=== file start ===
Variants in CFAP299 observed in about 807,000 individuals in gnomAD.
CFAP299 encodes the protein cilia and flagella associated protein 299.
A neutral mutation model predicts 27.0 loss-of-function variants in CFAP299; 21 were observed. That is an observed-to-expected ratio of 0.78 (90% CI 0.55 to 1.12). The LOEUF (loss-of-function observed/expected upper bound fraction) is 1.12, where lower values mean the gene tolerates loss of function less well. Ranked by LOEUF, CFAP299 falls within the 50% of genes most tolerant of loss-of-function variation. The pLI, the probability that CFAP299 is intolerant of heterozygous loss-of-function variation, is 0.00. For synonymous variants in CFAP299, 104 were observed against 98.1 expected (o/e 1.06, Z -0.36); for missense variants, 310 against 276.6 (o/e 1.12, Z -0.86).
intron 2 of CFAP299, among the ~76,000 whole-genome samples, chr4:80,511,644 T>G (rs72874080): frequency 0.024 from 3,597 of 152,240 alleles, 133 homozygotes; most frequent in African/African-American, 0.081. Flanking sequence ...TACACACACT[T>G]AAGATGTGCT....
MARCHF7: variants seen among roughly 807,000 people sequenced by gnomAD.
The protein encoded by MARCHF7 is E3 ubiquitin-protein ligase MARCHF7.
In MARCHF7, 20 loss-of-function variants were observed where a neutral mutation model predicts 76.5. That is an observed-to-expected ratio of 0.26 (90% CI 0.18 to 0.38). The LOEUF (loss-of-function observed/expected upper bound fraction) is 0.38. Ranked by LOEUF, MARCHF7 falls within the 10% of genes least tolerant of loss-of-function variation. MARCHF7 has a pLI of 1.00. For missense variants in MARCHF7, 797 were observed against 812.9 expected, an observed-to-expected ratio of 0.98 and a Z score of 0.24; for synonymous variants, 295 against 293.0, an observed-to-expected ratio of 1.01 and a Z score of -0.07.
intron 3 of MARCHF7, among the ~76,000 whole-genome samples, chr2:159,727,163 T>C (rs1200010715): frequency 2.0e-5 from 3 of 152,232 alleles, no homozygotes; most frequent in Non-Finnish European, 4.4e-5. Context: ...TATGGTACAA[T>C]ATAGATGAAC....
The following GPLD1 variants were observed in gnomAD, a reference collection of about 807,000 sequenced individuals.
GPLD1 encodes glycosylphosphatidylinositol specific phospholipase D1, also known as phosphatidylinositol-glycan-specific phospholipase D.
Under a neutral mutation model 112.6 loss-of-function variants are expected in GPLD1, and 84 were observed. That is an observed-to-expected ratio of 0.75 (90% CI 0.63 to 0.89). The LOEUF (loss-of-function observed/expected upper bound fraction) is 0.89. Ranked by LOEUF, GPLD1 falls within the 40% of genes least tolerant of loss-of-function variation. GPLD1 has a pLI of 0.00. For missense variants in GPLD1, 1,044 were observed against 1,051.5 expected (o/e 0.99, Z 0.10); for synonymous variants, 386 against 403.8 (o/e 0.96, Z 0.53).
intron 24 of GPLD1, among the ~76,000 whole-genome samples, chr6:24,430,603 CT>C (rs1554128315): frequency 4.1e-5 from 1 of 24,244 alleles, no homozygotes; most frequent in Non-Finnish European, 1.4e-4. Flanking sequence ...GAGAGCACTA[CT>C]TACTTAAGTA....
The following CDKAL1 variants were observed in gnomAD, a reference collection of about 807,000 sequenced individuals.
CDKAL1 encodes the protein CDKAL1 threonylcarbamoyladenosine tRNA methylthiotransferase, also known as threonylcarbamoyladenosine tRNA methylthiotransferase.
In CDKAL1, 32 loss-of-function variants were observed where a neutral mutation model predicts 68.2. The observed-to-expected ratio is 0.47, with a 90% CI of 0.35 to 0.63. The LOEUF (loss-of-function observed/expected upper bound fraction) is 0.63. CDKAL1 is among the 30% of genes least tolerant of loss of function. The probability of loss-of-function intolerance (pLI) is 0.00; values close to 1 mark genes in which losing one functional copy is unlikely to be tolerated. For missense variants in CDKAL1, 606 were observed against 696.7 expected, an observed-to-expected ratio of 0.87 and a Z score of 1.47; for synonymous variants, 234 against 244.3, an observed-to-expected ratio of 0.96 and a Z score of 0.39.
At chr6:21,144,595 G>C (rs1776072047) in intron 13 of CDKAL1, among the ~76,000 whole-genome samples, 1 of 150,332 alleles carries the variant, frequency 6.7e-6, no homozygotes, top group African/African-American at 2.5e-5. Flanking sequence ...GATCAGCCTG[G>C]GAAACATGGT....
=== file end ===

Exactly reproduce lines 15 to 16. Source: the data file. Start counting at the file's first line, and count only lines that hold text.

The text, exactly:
In CDKAL1, 32 loss-of-function variants were observed where a neutral mutation model predicts 68.2. The observed-to-expected ratio is 0.47, with a 90% CI of 0.35 to 0.63. The LOEUF (loss-of-function observed/expected upper bound fraction) is 0.63. CDKAL1 is among the 30% of genes least tolerant of loss of function. The probability of loss-of-function intolerance (pLI) is 0.00; values close to 1 mark genes in which losing one functional copy is unlikely to be tolerated. For missense variants in CDKAL1, 606 were observed against 696.7 expected, an observed-to-expected ratio of 0.87 and a Z score of 1.47; for synonymous variants, 234 against 244.3, an observed-to-expected ratio of 0.96 and a Z score of 0.39.
At chr6:21,144,595 G>C (rs1776072047) in intron 13 of CDKAL1, among the ~76,000 whole-genome samples, 1 of 150,332 alleles carries the variant, frequency 6.7e-6, no homozygotes, top group African/African-American at 2.5e-5. Flanking sequence ...GATCAGCCTG[G>C]GAAACATGGT....